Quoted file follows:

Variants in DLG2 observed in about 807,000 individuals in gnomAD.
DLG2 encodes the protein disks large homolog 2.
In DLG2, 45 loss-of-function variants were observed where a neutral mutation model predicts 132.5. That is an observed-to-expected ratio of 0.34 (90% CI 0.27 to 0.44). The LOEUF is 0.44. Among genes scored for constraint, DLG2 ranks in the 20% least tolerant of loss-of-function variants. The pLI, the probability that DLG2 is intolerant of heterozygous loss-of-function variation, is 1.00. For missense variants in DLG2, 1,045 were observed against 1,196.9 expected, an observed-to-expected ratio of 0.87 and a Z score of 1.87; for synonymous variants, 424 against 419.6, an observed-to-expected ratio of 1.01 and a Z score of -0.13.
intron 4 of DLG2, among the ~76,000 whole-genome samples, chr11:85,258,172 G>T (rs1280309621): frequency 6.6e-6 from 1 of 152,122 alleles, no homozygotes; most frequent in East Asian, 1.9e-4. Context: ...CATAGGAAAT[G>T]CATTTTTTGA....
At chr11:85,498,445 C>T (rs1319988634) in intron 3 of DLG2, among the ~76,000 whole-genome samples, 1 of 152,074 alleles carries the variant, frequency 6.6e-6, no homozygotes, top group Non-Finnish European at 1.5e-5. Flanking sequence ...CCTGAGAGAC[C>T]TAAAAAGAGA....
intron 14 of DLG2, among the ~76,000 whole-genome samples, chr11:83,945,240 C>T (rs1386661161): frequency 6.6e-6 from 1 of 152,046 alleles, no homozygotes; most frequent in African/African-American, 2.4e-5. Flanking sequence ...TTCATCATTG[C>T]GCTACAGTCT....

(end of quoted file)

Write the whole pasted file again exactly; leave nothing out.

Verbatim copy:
Variants in DLG2 observed in about 807,000 individuals in gnomAD.
DLG2 encodes the protein disks large homolog 2.
In DLG2, 45 loss-of-function variants were observed where a neutral mutation model predicts 132.5. That is an observed-to-expected ratio of 0.34 (90% CI 0.27 to 0.44). The LOEUF is 0.44. Among genes scored for constraint, DLG2 ranks in the 20% least tolerant of loss-of-function variants. The pLI, the probability that DLG2 is intolerant of heterozygous loss-of-function variation, is 1.00. For missense variants in DLG2, 1,045 were observed against 1,196.9 expected, an observed-to-expected ratio of 0.87 and a Z score of 1.87; for synonymous variants, 424 against 419.6, an observed-to-expected ratio of 1.01 and a Z score of -0.13.
intron 4 of DLG2, among the ~76,000 whole-genome samples, chr11:85,258,172 G>T (rs1280309621): frequency 6.6e-6 from 1 of 152,122 alleles, no homozygotes; most frequent in East Asian, 1.9e-4. Context: ...CATAGGAAAT[G>T]CATTTTTTGA....
At chr11:85,498,445 C>T (rs1319988634) in intron 3 of DLG2, among the ~76,000 whole-genome samples, 1 of 152,074 alleles carries the variant, frequency 6.6e-6, no homozygotes, top group Non-Finnish European at 1.5e-5. Flanking sequence ...CCTGAGAGAC[C>T]TAAAAAGAGA....
intron 14 of DLG2, among the ~76,000 whole-genome samples, chr11:83,945,240 C>T (rs1386661161): frequency 6.6e-6 from 1 of 152,046 alleles, no homozygotes; most frequent in African/African-American, 2.4e-5. Flanking sequence ...TTCATCATTG[C>T]GCTACAGTCT....